In addition, the person's impairment must meet all of the following criteria:

  • be prolonged, which means the impairment has lasted, or is expected to last for a continuous period of at least 12 months
  • be present all or substantially all the time (at least 90% of the time)  (CRA, 2020)

If you are a caregiver, you may be able to claim a portion of the disability tax credit for a spouse or a dependant (for example, your child or your parent).

How to apply: Visit the CRA’s Disability Tax Credit webpage for more information about qualifying and applying.  Qualifying for the DTC will require that your medical practitioner complete a T2201 form indicating the severity of your restrictions and their impact.   A DTC application needs to be approved by the Canadian Revenue Agency before you can claim the credit.

Canadian Caregiver Credit (CCC)

Eligibility criteria: This credit helps caregivers with the expenses involved in taking care of their spouse, common-law partner or dependant who has an impairment in physical or mental functions. According to the CRA “The amount you can claim depends on your relationship to the person for whom you are claiming the CCC, your circumstances, the person’s net income, and whether other credits are being claimed for that person.”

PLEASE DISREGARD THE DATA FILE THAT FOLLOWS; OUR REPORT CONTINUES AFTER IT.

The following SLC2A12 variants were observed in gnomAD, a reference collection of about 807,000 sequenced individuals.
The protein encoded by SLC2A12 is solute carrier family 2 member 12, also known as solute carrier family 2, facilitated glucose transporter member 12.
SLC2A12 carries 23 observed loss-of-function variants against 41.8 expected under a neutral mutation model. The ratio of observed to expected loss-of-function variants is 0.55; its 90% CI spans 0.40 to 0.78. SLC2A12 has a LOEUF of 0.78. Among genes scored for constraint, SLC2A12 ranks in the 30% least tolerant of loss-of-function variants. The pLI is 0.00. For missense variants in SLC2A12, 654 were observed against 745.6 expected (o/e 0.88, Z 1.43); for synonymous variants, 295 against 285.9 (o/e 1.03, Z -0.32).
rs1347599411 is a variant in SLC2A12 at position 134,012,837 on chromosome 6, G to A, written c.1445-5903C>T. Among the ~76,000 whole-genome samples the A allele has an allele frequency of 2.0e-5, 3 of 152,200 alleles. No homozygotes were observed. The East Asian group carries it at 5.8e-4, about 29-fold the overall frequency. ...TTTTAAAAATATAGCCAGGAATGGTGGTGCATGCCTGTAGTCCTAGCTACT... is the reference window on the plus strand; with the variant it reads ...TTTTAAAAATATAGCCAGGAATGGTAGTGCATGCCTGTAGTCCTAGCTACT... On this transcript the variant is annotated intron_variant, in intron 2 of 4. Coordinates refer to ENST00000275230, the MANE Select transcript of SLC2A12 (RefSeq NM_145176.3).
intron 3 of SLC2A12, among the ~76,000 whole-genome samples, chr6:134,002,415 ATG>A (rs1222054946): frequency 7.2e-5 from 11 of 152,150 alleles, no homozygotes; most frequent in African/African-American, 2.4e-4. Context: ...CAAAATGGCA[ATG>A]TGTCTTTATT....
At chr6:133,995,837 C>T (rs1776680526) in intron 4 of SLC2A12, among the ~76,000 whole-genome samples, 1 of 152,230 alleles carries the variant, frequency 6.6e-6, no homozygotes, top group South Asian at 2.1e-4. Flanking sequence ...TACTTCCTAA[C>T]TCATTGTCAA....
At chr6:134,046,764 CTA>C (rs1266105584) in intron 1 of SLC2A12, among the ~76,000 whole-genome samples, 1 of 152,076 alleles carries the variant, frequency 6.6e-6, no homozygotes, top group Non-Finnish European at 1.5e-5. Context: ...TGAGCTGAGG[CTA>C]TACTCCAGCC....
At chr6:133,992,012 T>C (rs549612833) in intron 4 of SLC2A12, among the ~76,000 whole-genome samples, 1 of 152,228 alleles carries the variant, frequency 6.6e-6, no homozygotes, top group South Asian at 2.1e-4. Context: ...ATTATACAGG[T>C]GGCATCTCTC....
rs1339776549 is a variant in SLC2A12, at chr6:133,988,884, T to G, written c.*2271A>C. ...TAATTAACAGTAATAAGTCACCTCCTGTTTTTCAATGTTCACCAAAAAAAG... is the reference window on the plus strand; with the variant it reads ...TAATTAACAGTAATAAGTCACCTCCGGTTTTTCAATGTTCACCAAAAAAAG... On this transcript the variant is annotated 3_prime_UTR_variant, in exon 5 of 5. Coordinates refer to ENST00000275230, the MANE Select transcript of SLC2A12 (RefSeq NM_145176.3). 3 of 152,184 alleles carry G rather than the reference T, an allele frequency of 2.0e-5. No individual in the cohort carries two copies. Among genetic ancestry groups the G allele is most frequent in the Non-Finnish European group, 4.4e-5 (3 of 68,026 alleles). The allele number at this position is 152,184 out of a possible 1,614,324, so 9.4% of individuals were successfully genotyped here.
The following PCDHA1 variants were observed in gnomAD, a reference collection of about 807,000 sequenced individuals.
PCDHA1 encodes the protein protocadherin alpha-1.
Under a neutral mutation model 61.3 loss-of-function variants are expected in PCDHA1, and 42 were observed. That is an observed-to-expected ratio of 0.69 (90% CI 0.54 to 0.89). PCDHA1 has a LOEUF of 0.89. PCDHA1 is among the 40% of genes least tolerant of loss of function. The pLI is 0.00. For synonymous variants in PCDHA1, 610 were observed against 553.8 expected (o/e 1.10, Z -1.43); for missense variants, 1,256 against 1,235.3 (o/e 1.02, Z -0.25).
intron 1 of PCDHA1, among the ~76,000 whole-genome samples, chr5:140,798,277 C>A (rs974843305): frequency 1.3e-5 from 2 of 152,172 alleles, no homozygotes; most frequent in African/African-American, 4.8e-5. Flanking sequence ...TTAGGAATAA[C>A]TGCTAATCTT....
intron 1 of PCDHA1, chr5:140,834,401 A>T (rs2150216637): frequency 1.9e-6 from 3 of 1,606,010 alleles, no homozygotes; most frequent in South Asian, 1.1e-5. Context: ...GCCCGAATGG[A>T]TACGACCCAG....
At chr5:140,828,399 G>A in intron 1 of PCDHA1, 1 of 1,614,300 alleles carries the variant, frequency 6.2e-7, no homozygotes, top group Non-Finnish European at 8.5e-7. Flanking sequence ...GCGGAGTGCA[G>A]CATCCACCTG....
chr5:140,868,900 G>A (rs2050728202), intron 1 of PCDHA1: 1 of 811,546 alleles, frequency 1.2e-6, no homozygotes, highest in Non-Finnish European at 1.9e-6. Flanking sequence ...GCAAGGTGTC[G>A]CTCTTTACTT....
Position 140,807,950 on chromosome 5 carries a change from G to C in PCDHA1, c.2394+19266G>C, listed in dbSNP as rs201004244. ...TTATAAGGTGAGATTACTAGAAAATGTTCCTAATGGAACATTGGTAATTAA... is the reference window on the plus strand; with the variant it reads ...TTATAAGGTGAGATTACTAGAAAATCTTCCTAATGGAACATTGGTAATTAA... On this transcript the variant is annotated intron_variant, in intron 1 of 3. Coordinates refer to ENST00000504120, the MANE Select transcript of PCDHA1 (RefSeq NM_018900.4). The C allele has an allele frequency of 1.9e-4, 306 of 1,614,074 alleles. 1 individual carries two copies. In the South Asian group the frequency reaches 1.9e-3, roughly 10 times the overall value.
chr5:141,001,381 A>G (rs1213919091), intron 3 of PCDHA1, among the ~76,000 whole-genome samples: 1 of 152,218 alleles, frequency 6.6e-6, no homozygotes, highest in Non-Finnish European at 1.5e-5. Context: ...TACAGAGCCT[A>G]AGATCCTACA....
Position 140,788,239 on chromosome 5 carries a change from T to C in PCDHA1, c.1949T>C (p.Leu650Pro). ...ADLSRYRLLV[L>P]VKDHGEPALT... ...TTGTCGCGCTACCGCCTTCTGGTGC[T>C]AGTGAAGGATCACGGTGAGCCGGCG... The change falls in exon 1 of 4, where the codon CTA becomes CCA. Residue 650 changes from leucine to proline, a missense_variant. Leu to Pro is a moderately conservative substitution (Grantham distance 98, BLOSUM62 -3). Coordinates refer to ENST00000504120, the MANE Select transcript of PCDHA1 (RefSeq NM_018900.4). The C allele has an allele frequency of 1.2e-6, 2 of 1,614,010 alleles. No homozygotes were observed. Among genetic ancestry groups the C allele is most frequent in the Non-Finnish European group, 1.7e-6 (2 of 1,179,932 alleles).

How to claim: For more information on the amount you can claim and how to fill out your tax return accordingly, visit the CRA’s Canadian Caregiver Credit webpage. You may also be asked to submit a signed statement from a medical practitioner.  

Medical Expenses (including medical cannabis)

Eligibility criteria: Refer to the Government of Canada’s website for a list of Eligible medical expenses you can claim on your tax return. This can include items such as braces for a limb, orthopedic shoes, boots and inserts, as well as walking aids. Check to see if a prescription is required.  Eligible expenses also include medical cannabis.  To claim medical cannabis as an expense, individuals must possess a medical document and purchase their cannabis from a federally licensed seller with whom they are registered.  Additional areas of medical expenses may include care, treatment, and training; construction and renovation; devices, equipment, and supplies; gluten-free food products (for people with celiac disease); prescribed drugs, medications, and other substances; service animals; services and fees; as well as travel expenses (Government of Canada, 2021).